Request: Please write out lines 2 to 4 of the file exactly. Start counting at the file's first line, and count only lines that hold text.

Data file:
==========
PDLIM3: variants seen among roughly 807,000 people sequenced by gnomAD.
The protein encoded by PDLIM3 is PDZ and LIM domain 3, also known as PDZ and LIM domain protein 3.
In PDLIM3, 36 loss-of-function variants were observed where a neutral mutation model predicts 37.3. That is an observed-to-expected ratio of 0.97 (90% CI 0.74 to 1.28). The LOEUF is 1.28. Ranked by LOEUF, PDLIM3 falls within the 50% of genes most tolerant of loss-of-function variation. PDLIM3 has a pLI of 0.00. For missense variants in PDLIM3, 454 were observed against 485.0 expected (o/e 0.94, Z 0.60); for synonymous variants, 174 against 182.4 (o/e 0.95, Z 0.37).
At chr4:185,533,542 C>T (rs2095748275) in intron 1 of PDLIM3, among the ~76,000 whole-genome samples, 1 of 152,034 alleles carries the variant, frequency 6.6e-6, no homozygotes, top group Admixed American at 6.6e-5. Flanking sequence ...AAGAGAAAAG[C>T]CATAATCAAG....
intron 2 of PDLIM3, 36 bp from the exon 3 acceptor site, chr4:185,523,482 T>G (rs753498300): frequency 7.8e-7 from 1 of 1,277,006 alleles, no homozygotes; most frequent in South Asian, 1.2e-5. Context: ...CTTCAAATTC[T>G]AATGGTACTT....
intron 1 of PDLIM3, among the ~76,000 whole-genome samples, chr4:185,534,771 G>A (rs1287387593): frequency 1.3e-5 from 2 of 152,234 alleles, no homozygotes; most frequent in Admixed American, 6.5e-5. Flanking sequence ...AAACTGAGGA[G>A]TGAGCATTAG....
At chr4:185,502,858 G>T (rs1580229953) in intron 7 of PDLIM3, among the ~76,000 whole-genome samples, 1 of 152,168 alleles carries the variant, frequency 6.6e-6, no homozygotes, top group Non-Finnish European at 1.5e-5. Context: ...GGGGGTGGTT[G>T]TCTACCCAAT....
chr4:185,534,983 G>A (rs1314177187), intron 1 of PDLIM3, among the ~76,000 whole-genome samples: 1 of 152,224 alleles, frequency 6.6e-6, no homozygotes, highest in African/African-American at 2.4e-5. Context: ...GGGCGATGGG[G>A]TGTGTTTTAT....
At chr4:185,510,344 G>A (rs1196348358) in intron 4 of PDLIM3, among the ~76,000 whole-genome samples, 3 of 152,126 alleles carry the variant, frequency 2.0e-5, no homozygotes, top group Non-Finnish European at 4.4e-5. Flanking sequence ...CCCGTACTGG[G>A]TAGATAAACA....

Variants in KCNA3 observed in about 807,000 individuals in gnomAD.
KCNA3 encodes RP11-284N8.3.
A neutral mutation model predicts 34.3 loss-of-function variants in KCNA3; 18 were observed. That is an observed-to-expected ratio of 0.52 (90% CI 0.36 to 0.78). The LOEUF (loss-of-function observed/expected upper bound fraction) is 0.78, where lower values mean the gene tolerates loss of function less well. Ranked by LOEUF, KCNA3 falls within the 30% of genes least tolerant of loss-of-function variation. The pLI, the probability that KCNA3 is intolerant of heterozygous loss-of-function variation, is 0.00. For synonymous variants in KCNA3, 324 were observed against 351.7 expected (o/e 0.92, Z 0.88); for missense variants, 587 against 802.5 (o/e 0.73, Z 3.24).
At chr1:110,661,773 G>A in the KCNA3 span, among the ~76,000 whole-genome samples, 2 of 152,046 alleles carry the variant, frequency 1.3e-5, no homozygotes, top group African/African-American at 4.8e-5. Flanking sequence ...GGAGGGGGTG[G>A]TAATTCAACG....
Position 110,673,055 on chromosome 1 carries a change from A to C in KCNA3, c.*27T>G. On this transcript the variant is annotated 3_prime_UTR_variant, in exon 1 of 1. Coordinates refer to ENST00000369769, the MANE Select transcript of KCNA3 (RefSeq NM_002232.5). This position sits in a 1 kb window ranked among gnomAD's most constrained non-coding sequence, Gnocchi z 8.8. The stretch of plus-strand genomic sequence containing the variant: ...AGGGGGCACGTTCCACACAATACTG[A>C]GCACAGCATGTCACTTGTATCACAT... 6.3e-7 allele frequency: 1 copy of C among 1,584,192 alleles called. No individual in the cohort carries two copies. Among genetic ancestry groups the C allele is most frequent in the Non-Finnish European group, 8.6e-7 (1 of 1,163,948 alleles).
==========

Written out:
The protein encoded by PDLIM3 is PDZ and LIM domain 3, also known as PDZ and LIM domain protein 3.
In PDLIM3, 36 loss-of-function variants were observed where a neutral mutation model predicts 37.3. That is an observed-to-expected ratio of 0.97 (90% CI 0.74 to 1.28). The LOEUF is 1.28. Ranked by LOEUF, PDLIM3 falls within the 50% of genes most tolerant of loss-of-function variation. PDLIM3 has a pLI of 0.00. For missense variants in PDLIM3, 454 were observed against 485.0 expected (o/e 0.94, Z 0.60); for synonymous variants, 174 against 182.4 (o/e 0.95, Z 0.37).
At chr4:185,533,542 C>T (rs2095748275) in intron 1 of PDLIM3, among the ~76,000 whole-genome samples, 1 of 152,034 alleles carries the variant, frequency 6.6e-6, no homozygotes, top group Admixed American at 6.6e-5. Flanking sequence ...AAGAGAAAAG[C>T]CATAATCAAG....